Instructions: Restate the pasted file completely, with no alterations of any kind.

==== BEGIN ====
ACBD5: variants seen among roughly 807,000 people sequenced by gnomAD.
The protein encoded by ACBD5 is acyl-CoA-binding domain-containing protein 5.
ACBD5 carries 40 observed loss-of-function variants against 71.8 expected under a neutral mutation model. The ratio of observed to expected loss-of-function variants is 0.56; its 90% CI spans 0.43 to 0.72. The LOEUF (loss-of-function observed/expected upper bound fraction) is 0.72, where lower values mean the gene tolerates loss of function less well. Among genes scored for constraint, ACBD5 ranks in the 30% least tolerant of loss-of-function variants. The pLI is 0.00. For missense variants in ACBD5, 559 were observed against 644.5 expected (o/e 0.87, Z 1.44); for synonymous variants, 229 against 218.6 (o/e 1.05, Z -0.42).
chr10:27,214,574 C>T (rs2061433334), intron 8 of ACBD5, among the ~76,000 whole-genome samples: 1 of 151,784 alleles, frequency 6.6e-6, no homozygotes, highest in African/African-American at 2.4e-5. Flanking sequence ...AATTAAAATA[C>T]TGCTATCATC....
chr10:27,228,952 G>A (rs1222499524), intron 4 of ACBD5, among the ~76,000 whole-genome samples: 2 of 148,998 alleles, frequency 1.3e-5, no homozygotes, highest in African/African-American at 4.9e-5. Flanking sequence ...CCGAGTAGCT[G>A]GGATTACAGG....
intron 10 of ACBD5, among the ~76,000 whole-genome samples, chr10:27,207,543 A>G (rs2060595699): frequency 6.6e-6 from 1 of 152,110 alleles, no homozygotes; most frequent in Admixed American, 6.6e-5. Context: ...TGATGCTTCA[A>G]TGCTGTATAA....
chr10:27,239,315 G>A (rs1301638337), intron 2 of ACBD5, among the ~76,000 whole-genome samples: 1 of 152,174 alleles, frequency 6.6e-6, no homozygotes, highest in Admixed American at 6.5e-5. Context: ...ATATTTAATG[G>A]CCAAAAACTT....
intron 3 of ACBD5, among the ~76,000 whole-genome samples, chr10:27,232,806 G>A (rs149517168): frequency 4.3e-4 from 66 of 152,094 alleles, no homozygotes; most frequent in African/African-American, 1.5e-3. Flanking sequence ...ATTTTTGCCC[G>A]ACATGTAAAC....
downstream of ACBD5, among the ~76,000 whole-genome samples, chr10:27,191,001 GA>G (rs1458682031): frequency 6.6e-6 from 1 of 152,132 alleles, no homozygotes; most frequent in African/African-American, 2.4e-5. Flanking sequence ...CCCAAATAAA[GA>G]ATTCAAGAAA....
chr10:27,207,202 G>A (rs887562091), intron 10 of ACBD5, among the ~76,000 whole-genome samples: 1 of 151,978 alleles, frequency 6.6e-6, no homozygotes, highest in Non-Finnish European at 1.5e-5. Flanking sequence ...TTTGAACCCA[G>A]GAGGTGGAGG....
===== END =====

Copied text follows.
ACBD5: variants seen among roughly 807,000 people sequenced by gnomAD.
The protein encoded by ACBD5 is acyl-CoA-binding domain-containing protein 5.
ACBD5 carries 40 observed loss-of-function variants against 71.8 expected under a neutral mutation model. The ratio of observed to expected loss-of-function variants is 0.56; its 90% CI spans 0.43 to 0.72. The LOEUF (loss-of-function observed/expected upper bound fraction) is 0.72, where lower values mean the gene tolerates loss of function less well. Among genes scored for constraint, ACBD5 ranks in the 30% least tolerant of loss-of-function variants. The pLI is 0.00. For missense variants in ACBD5, 559 were observed against 644.5 expected (o/e 0.87, Z 1.44); for synonymous variants, 229 against 218.6 (o/e 1.05, Z -0.42).
chr10:27,214,574 C>T (rs2061433334), intron 8 of ACBD5, among the ~76,000 whole-genome samples: 1 of 151,784 alleles, frequency 6.6e-6, no homozygotes, highest in African/African-American at 2.4e-5. Flanking sequence ...AATTAAAATA[C>T]TGCTATCATC....
chr10:27,228,952 G>A (rs1222499524), intron 4 of ACBD5, among the ~76,000 whole-genome samples: 2 of 148,998 alleles, frequency 1.3e-5, no homozygotes, highest in African/African-American at 4.9e-5. Flanking sequence ...CCGAGTAGCT[G>A]GGATTACAGG....
intron 10 of ACBD5, among the ~76,000 whole-genome samples, chr10:27,207,543 A>G (rs2060595699): frequency 6.6e-6 from 1 of 152,110 alleles, no homozygotes; most frequent in Admixed American, 6.6e-5. Context: ...TGATGCTTCA[A>G]TGCTGTATAA....
chr10:27,239,315 G>A (rs1301638337), intron 2 of ACBD5, among the ~76,000 whole-genome samples: 1 of 152,174 alleles, frequency 6.6e-6, no homozygotes, highest in Admixed American at 6.5e-5. Context: ...ATATTTAATG[G>A]CCAAAAACTT....
intron 3 of ACBD5, among the ~76,000 whole-genome samples, chr10:27,232,806 G>A (rs149517168): frequency 4.3e-4 from 66 of 152,094 alleles, no homozygotes; most frequent in African/African-American, 1.5e-3. Flanking sequence ...ATTTTTGCCC[G>A]ACATGTAAAC....
downstream of ACBD5, among the ~76,000 whole-genome samples, chr10:27,191,001 GA>G (rs1458682031): frequency 6.6e-6 from 1 of 152,132 alleles, no homozygotes; most frequent in African/African-American, 2.4e-5. Flanking sequence ...CCCAAATAAA[GA>G]ATTCAAGAAA....
chr10:27,207,202 G>A (rs887562091), intron 10 of ACBD5, among the ~76,000 whole-genome samples: 1 of 151,978 alleles, frequency 6.6e-6, no homozygotes, highest in Non-Finnish European at 1.5e-5. Flanking sequence ...TTTGAACCCA[G>A]GAGGTGGAGG....